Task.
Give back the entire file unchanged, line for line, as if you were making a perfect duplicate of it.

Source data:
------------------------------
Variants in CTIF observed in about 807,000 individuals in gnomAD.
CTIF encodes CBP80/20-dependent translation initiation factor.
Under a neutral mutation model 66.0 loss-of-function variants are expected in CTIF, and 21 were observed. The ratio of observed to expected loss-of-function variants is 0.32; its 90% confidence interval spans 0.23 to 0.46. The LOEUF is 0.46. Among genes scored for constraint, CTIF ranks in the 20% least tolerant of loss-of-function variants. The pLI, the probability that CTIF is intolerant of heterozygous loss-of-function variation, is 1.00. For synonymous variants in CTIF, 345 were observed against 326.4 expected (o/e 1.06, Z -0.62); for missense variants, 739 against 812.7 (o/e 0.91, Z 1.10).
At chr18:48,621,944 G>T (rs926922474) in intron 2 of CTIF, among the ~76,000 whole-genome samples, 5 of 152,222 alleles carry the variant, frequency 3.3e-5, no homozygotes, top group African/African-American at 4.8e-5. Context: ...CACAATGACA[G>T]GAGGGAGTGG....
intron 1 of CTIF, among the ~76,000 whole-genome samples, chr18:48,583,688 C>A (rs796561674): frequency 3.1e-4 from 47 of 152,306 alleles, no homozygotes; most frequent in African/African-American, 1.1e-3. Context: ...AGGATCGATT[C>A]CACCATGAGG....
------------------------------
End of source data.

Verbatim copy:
Variants in CTIF observed in about 807,000 individuals in gnomAD.
CTIF encodes CBP80/20-dependent translation initiation factor.
Under a neutral mutation model 66.0 loss-of-function variants are expected in CTIF, and 21 were observed. The ratio of observed to expected loss-of-function variants is 0.32; its 90% confidence interval spans 0.23 to 0.46. The LOEUF is 0.46. Among genes scored for constraint, CTIF ranks in the 20% least tolerant of loss-of-function variants. The pLI, the probability that CTIF is intolerant of heterozygous loss-of-function variation, is 1.00. For synonymous variants in CTIF, 345 were observed against 326.4 expected (o/e 1.06, Z -0.62); for missense variants, 739 against 812.7 (o/e 0.91, Z 1.10).
At chr18:48,621,944 G>T (rs926922474) in intron 2 of CTIF, among the ~76,000 whole-genome samples, 5 of 152,222 alleles carry the variant, frequency 3.3e-5, no homozygotes, top group African/African-American at 4.8e-5. Context: ...CACAATGACA[G>T]GAGGGAGTGG....
intron 1 of CTIF, among the ~76,000 whole-genome samples, chr18:48,583,688 C>A (rs796561674): frequency 3.1e-4 from 47 of 152,306 alleles, no homozygotes; most frequent in African/African-American, 1.1e-3. Context: ...AGGATCGATT[C>A]CACCATGAGG....